Supreme Court of Illinois Says Courts Can Decide ARES Rate Disputes

Courts – not the ICC – have jurisdiction over rate cases involving an ARES, said the Supreme Court of Illinois.[1] In a unanimous opinion written by Chief Justice Karmeier, the Court in December answered the Seventh Circuit’s certified question whether rate claims against ARESs are under the jurisdiction of the ICC or the courts under the Illinois Public Utilities Act.

The case arose when a residential electricity customer signed up to receive her power from an alternative retail electric supplier (“ARES”) instead of her local public utility. She was attracted to low teaser rates that were to apply during her first month of service. The ARES’ advertisement warned that the “market based variable rate” that was to apply after the first month could be higher than the public utilities’ rates, however the ARES never applied the promotional rate to the first month. Each month the ratepayer paid around three times the rates of her local utility. The ratepayer filed a federal court class-action suit against the ARES in the Northern District of Illinois under diversity jurisdiction, bringing common-law claims as well as claims under the Illinois Consumer Fraud and Deceptive Business Practices Act. The ARES filed a motion to dismiss, claiming that the court did not have jurisdiction to hear the case because rate disputes are in the exclusive jurisdiction of the Illinois Commerce Commission (“ICC”).

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IRS Issus New Guidance on the Beginning of Construction Safe Harbor For Renewable Energy Projects

The IRS recently issued Notice 2017-4 (the “Notice”) which makes two important changes to its “beginning of construction” rules for taxpayers seeking to take advantage of the section 45 renewable electricity production tax credit (PTC) for wind and other renewable energy facilities including geothermal, biomass, landfill gas and certain hydropower and marine hydrokinetic energy projects. Under prior IRS guidance, including Notice 2016-31 discussed in our blog post here, taxpayers have two ways to establish that they started construction. They can either show that they began physical construction of a significant nature (the “Physical Work Test”), or incurred at least 5% of the total cost of the eligible facility (the “5% Safe Harbor”). However, once construction has begun or cost have been paid or incurred, the IRS requires taxpayers to make continuous progress towards completion to satisfy both the Physical Work Test and the 5% Safe Harbor (“Continuous Construction Requirement”). Taxpayers are deemed to satisfy the Continuous Construction Test provided they began construction on the facility prior to January 1, 2015, and place it in service prior to January 1, 2017 (the “Continuity Safe Harbor”).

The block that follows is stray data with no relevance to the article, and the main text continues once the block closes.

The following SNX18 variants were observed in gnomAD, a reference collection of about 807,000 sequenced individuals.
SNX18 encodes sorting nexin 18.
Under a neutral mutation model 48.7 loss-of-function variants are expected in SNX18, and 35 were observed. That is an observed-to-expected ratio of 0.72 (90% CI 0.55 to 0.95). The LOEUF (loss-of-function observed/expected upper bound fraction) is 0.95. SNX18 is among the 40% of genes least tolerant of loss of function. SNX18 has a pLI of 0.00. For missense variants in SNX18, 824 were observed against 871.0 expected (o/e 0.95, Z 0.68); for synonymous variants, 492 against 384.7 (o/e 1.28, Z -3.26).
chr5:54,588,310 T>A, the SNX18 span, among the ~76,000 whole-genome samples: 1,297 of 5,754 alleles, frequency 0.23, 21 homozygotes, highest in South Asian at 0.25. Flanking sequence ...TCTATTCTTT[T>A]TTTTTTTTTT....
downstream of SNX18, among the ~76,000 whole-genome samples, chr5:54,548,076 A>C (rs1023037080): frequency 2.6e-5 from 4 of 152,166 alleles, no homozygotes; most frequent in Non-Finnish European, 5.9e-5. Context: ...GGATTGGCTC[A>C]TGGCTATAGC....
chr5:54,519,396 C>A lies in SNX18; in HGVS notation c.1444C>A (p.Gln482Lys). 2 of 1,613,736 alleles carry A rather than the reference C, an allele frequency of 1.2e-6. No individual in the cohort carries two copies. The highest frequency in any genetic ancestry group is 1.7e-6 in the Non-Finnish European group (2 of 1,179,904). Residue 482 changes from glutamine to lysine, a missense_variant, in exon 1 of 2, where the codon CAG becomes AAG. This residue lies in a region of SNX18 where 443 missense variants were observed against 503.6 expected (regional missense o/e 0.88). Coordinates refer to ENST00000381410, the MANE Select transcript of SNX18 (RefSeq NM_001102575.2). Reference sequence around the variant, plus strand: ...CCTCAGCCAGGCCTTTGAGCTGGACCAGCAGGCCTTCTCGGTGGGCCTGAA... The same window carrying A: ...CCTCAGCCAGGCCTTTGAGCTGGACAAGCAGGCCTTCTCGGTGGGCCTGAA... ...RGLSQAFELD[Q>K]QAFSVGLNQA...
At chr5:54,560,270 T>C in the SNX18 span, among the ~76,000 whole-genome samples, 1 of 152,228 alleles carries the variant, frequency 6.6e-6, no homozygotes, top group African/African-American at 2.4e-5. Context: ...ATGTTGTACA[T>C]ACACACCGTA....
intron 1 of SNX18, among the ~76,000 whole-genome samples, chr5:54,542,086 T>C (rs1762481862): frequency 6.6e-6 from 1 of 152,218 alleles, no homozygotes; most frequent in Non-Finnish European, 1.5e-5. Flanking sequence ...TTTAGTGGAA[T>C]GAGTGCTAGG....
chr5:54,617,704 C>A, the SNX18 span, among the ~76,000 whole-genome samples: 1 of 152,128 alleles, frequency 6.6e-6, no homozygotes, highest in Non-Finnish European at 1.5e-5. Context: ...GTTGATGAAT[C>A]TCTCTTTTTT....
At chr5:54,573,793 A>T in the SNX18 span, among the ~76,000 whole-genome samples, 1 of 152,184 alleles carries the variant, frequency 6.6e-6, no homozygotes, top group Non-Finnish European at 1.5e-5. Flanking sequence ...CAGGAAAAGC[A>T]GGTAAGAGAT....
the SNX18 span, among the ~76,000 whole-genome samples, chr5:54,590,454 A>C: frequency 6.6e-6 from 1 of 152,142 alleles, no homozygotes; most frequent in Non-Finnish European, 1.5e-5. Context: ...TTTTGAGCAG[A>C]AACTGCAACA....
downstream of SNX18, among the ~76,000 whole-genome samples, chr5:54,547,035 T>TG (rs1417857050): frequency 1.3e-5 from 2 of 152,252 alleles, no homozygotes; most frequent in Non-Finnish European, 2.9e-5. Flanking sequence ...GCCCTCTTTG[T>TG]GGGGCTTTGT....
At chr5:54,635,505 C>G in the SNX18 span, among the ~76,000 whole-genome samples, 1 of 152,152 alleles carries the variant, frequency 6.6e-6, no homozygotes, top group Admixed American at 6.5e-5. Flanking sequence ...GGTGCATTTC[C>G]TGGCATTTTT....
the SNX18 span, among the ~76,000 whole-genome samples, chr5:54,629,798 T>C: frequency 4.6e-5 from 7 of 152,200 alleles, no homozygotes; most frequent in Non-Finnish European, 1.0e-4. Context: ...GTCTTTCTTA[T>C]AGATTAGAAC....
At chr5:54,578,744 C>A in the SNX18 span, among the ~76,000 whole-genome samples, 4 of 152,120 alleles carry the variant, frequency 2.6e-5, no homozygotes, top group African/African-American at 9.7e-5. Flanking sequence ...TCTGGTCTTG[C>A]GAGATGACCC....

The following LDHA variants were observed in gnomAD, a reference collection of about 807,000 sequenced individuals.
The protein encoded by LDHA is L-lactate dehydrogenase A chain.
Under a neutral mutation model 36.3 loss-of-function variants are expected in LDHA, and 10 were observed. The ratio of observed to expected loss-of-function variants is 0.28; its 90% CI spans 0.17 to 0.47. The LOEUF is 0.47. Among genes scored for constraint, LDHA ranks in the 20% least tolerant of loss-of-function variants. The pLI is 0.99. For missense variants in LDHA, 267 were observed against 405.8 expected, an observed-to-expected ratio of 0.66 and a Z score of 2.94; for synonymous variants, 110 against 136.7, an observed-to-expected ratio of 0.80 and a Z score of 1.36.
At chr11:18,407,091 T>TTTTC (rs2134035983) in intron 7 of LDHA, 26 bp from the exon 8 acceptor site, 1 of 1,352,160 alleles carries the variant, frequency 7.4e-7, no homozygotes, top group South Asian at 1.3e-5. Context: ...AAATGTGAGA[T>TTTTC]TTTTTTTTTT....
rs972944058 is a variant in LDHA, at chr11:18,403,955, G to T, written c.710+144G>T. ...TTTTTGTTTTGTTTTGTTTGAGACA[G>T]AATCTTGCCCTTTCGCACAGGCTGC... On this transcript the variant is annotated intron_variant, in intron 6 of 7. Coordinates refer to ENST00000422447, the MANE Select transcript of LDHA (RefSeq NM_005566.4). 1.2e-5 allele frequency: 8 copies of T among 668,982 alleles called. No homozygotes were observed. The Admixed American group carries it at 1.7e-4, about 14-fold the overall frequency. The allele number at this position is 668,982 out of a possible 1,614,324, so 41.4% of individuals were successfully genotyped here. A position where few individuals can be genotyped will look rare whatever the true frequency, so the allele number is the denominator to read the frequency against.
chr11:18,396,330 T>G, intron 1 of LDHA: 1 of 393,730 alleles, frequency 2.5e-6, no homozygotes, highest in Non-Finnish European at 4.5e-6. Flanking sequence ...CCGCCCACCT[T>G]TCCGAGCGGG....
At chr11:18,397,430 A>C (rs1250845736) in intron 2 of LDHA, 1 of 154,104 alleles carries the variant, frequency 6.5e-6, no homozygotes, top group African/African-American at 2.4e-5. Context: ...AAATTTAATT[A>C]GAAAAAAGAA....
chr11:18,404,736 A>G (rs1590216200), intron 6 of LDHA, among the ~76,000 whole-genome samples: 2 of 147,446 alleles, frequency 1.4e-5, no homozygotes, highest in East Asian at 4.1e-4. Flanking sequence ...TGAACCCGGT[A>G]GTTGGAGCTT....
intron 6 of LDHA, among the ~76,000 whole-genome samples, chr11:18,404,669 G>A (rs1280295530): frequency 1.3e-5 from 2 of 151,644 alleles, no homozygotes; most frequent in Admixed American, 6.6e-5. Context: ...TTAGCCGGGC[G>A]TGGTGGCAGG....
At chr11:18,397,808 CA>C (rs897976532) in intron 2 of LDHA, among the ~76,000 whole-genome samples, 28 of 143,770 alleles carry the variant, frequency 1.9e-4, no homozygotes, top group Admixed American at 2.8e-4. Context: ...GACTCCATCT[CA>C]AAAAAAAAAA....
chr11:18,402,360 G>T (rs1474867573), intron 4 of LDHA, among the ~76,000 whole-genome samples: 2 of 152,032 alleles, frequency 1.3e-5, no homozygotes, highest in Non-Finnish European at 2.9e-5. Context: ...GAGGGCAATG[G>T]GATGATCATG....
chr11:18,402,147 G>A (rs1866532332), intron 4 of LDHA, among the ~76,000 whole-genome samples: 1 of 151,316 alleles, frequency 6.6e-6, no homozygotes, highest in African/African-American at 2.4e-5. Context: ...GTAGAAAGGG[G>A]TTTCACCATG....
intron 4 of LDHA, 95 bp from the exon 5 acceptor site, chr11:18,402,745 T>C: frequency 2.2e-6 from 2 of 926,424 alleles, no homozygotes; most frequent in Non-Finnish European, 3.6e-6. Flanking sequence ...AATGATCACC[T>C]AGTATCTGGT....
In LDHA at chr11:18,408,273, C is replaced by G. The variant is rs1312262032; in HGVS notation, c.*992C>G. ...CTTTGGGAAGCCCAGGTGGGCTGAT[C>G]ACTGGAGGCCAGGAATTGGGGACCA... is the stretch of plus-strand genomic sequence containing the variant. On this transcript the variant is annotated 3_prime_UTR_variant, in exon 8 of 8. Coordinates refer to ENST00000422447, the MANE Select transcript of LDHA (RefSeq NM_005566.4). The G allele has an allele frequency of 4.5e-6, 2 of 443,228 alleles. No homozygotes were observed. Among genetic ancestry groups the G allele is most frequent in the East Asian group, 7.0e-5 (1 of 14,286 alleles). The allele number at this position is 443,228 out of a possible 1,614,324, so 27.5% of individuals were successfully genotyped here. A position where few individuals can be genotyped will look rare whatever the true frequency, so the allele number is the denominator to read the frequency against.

The Notice now permits taxpayers to fall within the Continuity Safe Harbor provided that they place the facility in service by the later of (1) a calendar year that is no more than four calendar years after the construction of the facility began or (2) December 31, 2018. This provides additional time for developers that have satisfied the Physical Work Test or 5% Safe Harbor to complete construction and place the facility in service without having to demonstrate that the Continuous Construction Requirement was satisfied. For example, if construction begins on January 15, 2013, and the facility is placed in service by December 31, 2018, the facility will meet the Continuity Safe Harbor.

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IRS Revokes Favorable PLR Concerning Ability of Tribe to Pass ITCs to Lessee in Master-Tenant Structure

In recently released Private Letter Ruling 2016-40-010 (the new ruling), the IRS prospectively revoked PLR 2013-10-001 (the original ruling), concluding that a Native American tribe may not elect to pass investment tax credits (ITC) associated with renewable energy assets on reservation lands to a taxable entity under Section 50(d)(5) of the Tax Code.  [Click here for our discussion of PLR 2013-10-001.]